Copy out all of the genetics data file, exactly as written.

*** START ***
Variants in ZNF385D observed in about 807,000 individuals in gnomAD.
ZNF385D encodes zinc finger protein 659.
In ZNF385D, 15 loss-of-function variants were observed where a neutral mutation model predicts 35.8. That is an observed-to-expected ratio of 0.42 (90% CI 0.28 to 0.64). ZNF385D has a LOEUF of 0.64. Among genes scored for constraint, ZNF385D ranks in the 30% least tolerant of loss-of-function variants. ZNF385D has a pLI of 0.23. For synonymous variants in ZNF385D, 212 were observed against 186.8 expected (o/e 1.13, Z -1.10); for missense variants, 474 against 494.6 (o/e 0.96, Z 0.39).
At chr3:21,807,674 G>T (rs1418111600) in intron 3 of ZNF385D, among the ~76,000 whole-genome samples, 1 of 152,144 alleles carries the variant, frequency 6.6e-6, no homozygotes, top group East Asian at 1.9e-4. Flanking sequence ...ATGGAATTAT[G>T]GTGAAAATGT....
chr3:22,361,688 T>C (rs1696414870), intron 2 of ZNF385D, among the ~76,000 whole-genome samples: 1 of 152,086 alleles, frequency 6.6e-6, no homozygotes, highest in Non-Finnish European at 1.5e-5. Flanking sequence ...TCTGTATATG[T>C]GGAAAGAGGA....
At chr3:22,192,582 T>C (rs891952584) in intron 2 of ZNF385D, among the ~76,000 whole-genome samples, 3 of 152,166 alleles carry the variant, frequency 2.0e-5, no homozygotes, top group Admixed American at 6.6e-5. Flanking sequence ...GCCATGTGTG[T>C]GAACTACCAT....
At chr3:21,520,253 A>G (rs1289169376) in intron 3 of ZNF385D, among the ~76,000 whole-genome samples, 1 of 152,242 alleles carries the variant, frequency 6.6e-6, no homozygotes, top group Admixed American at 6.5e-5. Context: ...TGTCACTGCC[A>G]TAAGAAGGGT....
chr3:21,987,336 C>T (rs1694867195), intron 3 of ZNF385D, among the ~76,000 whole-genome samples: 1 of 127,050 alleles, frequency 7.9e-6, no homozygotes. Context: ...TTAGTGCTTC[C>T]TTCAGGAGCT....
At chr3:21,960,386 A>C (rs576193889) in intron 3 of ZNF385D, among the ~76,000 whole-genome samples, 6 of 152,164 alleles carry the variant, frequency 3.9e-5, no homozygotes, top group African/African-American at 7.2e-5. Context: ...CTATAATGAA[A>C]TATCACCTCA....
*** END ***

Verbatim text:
Variants in ZNF385D observed in about 807,000 individuals in gnomAD.
ZNF385D encodes zinc finger protein 659.
In ZNF385D, 15 loss-of-function variants were observed where a neutral mutation model predicts 35.8. That is an observed-to-expected ratio of 0.42 (90% CI 0.28 to 0.64). ZNF385D has a LOEUF of 0.64. Among genes scored for constraint, ZNF385D ranks in the 30% least tolerant of loss-of-function variants. ZNF385D has a pLI of 0.23. For synonymous variants in ZNF385D, 212 were observed against 186.8 expected (o/e 1.13, Z -1.10); for missense variants, 474 against 494.6 (o/e 0.96, Z 0.39).
At chr3:21,807,674 G>T (rs1418111600) in intron 3 of ZNF385D, among the ~76,000 whole-genome samples, 1 of 152,144 alleles carries the variant, frequency 6.6e-6, no homozygotes, top group East Asian at 1.9e-4. Flanking sequence ...ATGGAATTAT[G>T]GTGAAAATGT....
chr3:22,361,688 T>C (rs1696414870), intron 2 of ZNF385D, among the ~76,000 whole-genome samples: 1 of 152,086 alleles, frequency 6.6e-6, no homozygotes, highest in Non-Finnish European at 1.5e-5. Flanking sequence ...TCTGTATATG[T>C]GGAAAGAGGA....
At chr3:22,192,582 T>C (rs891952584) in intron 2 of ZNF385D, among the ~76,000 whole-genome samples, 3 of 152,166 alleles carry the variant, frequency 2.0e-5, no homozygotes, top group Admixed American at 6.6e-5. Flanking sequence ...GCCATGTGTG[T>C]GAACTACCAT....
At chr3:21,520,253 A>G (rs1289169376) in intron 3 of ZNF385D, among the ~76,000 whole-genome samples, 1 of 152,242 alleles carries the variant, frequency 6.6e-6, no homozygotes, top group Admixed American at 6.5e-5. Context: ...TGTCACTGCC[A>G]TAAGAAGGGT....
chr3:21,987,336 C>T (rs1694867195), intron 3 of ZNF385D, among the ~76,000 whole-genome samples: 1 of 127,050 alleles, frequency 7.9e-6, no homozygotes. Context: ...TTAGTGCTTC[C>T]TTCAGGAGCT....
At chr3:21,960,386 A>C (rs576193889) in intron 3 of ZNF385D, among the ~76,000 whole-genome samples, 6 of 152,164 alleles carry the variant, frequency 3.9e-5, no homozygotes, top group African/African-American at 7.2e-5. Context: ...CTATAATGAA[A>C]TATCACCTCA....